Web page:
Too heavy. Not enough spice. Gelatinous. Gourmets have loved knocking the cuisine of traditional Eastern European Jews for years.
But just as it began to get tough to eat a potato knish, a latke or a slice of kugel without raising eyebrows, nothing short of a minor culinary miracle occurred—bagels, lox, kasha varnishkes (buckwheat and bow-tie pasta) and egg creams are suddenly trendy again in the Big Apple.
Several new restaurants, with serious foodie credentials, are serving up dishes that your bubbe or zayde (grandma or grandpa) would approve.
“I don’t think that it’s a passing fad,” says Ted Merwin, associate professor of religion and Judaic studies at Dickinson College and author of Pastrami on Rye: An Overstuffed History of the Jewish Deli.
“Now that Jews are rapidly becoming assimilated into American society, along with their foods, there’s a desire to bring Jewish food up to date and make it relevant again.” It doesn’t hurt, he adds, that there is now a slew of fashionable Jewish celebrities, including Jon Stewart.
The current fascination with artisanal products and traditional cooking methods couldn’t be a better fit for the cuisine, since so many of its recipes (and the surviving establishments making them) have often existed for decades.
The old-world charm of Russ & Daughters, which has resided in the same neon-bedecked storefront on Houston Street for nearly a hundred years, now not only attracts a range of hungry shoppers from the five boroughs and the surrounding suburbs, but also way beyond.
In its infancy, the shop was one of hundreds of so-called appetizing stores in the city that sold a range of foods, including smoked, pickled and cured fish and cheese. Now it’s one of the city’s last.
But after falling apart and building up again (albeit with a completely different and trendier demographic), the Lower East Side is one of the Big Apple’s most desirable areas—and Russ & Daughters is finally being treated as a culinary treasure.
The store was even the subject of a charming 2014 documentary, The Sturgeon Queens, which explored the family behind the institution.
That same year Russ & Daughters also launched a café a few blocks away on Orchard Street serving such new creations as the ‘Super Heebster’ (bagel toast, whitefish, baked salmon salad, wasabi-infused roe and horseradish dill cream cheese) and the ‘Mensch’ (sturgeon, butter, tomato, onion and capers).
It’s been so successful that its owners (the family’s fourth generation), Josh Russ Tupper and Niki Russ Federman, just opened a kosher 70-seat restaurant inside the Jewish Museum on tony Fifth Avenue.
The new outpost will soon have an appetizing counter selling, you guessed it, knishes and smoked fish and some of its other signature items. “We’ve never been more busy,” says Russ Tupper. “We’ve started reaching people who aren’t Jews.”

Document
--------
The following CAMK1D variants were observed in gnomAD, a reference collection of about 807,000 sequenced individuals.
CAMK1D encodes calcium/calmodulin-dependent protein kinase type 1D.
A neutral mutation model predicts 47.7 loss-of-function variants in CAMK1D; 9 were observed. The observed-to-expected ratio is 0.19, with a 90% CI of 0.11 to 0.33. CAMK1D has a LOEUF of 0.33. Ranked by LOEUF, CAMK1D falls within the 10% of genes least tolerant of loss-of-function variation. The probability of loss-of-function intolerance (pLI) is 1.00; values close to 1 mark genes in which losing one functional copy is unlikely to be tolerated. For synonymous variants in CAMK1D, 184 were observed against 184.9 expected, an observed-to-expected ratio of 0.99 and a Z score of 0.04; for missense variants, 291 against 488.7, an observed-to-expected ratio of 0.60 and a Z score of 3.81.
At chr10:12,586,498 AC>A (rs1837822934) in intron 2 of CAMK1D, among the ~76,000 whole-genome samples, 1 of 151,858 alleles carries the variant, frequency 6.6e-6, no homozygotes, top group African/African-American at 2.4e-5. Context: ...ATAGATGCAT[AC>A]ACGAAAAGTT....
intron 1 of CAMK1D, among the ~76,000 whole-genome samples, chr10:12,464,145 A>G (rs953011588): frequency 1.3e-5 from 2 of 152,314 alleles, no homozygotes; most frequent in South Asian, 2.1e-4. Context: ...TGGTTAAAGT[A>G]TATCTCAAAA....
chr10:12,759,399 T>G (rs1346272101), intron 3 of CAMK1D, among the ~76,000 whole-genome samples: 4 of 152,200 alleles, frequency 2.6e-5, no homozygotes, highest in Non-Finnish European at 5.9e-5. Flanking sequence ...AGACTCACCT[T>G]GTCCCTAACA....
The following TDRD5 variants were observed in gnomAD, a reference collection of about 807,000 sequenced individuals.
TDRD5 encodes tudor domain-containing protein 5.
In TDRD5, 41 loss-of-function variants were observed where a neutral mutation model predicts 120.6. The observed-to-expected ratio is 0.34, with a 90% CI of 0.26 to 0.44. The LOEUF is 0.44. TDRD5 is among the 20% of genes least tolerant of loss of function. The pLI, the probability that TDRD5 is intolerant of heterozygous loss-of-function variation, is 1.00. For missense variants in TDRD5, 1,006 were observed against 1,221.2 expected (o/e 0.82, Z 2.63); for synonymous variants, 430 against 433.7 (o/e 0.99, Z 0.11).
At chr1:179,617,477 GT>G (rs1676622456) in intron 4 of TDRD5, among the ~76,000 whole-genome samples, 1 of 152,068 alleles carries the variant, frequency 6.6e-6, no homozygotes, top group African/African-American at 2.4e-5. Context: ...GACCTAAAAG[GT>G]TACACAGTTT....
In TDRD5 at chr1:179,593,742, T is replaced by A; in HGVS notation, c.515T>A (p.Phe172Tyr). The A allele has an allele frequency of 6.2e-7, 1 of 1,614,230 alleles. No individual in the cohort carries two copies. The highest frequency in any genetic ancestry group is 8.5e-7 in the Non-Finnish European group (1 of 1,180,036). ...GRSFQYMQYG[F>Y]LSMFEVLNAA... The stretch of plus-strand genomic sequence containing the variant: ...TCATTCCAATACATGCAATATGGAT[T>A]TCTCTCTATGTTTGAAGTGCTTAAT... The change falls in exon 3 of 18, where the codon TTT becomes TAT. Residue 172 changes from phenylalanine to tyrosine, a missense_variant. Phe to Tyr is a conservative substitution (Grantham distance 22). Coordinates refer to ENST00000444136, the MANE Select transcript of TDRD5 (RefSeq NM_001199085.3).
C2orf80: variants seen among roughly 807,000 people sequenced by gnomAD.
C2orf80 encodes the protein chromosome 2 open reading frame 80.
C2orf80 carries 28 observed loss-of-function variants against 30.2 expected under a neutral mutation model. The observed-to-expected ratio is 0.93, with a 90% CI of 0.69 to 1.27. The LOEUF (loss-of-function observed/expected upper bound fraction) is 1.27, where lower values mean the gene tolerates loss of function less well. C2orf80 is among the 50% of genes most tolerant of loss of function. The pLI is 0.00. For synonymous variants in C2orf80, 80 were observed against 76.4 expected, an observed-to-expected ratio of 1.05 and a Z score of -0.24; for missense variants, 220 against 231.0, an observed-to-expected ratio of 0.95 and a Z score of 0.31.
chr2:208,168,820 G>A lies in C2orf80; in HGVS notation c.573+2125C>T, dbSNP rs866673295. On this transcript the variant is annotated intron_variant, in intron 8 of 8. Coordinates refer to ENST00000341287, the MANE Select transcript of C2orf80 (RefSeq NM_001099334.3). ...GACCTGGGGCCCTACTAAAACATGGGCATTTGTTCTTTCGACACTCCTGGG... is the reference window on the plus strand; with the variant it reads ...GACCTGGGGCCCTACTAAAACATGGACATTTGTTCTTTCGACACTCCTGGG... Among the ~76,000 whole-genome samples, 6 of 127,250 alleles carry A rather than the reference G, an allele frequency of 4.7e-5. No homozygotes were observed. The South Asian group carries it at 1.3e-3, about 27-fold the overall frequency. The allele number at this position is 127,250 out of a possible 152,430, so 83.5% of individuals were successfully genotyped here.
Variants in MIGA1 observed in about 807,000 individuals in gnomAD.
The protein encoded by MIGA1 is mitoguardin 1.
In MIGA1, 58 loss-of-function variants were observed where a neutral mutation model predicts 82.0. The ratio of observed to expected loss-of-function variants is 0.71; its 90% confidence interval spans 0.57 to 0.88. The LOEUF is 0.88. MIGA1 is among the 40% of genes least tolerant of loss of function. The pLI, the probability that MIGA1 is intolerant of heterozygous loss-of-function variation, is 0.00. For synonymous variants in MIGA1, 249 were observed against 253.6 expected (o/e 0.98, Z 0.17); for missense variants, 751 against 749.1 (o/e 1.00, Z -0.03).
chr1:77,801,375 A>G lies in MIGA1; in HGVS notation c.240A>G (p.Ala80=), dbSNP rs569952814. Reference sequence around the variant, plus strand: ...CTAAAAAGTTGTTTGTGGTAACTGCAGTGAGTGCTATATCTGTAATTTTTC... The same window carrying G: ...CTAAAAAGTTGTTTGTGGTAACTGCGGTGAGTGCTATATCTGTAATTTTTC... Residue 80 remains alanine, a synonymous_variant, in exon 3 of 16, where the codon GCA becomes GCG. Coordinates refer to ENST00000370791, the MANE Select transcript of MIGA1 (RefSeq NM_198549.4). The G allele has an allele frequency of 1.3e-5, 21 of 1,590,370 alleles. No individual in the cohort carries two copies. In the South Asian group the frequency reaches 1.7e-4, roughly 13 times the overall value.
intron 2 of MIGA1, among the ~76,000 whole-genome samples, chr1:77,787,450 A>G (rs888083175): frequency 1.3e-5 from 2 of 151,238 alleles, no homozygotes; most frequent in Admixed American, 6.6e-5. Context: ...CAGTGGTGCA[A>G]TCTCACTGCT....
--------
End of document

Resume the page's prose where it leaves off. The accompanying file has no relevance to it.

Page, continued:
Not far from Russ & Daughters, on a chic block of West Broad way in SoHo, is the trendy Sadelle’s.
During lunch and breakfast, the cavernous restaurant serves towers of smoked fish. And what goes better with a sliver of sturgeon than a schmear of cream cheese and a bagel?
Sadelle’s has wonderful homemade hand-rolled bagels, including a delicious take on the everything bagel that features fennel seeds and caraway seeds in addition to the familiar garlic, poppy and sesame toppings. (Melissa Weller, who previously worked at Roberta’s and Per Se, creates the bagels and baked goods right in the middle of the dining room.)
The eatery also has caviar service, matzo ball soup, a range of omelets and a classic, decidedly non-kosher egg sandwich that includes fried eggs, Muenster cheese and bacon. You might be tempted to skip the egg salad, but it's deliciously creamy.
If you’re looking for a bit of a different take on traditional dishes, head to one of the two Mile End delicatessens, which specialize in modern versions of the food of Canadian Jews. (Mile End’s name is taken from the Jewish section of Montreal.)
Founder Noah Bernamoff is, naturally, from Montreal; he found himself longing for his hometown’s specialties while he was attending law school in New York.
To get a fix for his cravings, he started cooking and soon realized—to our collective benefit—that he enjoyed it more than studying torts and writing briefs.
He opened the first deli in a tiny Brooklyn location and began serving New Yorkers such rich delicacies as a chicken schnitzel BLT (maple bacon, pickled green tomato, lettuce, and mustard-mayo on an onion roll), or a Smoked Meat Sandwich (what they call cured and smoked brisket across the border) with a side of poutine (a decadent mix of French fries, cheese curds and gravy): perhaps every Canadian’s favorite drunk food.
Now that’s a meal you’ll be telling your children’s children about.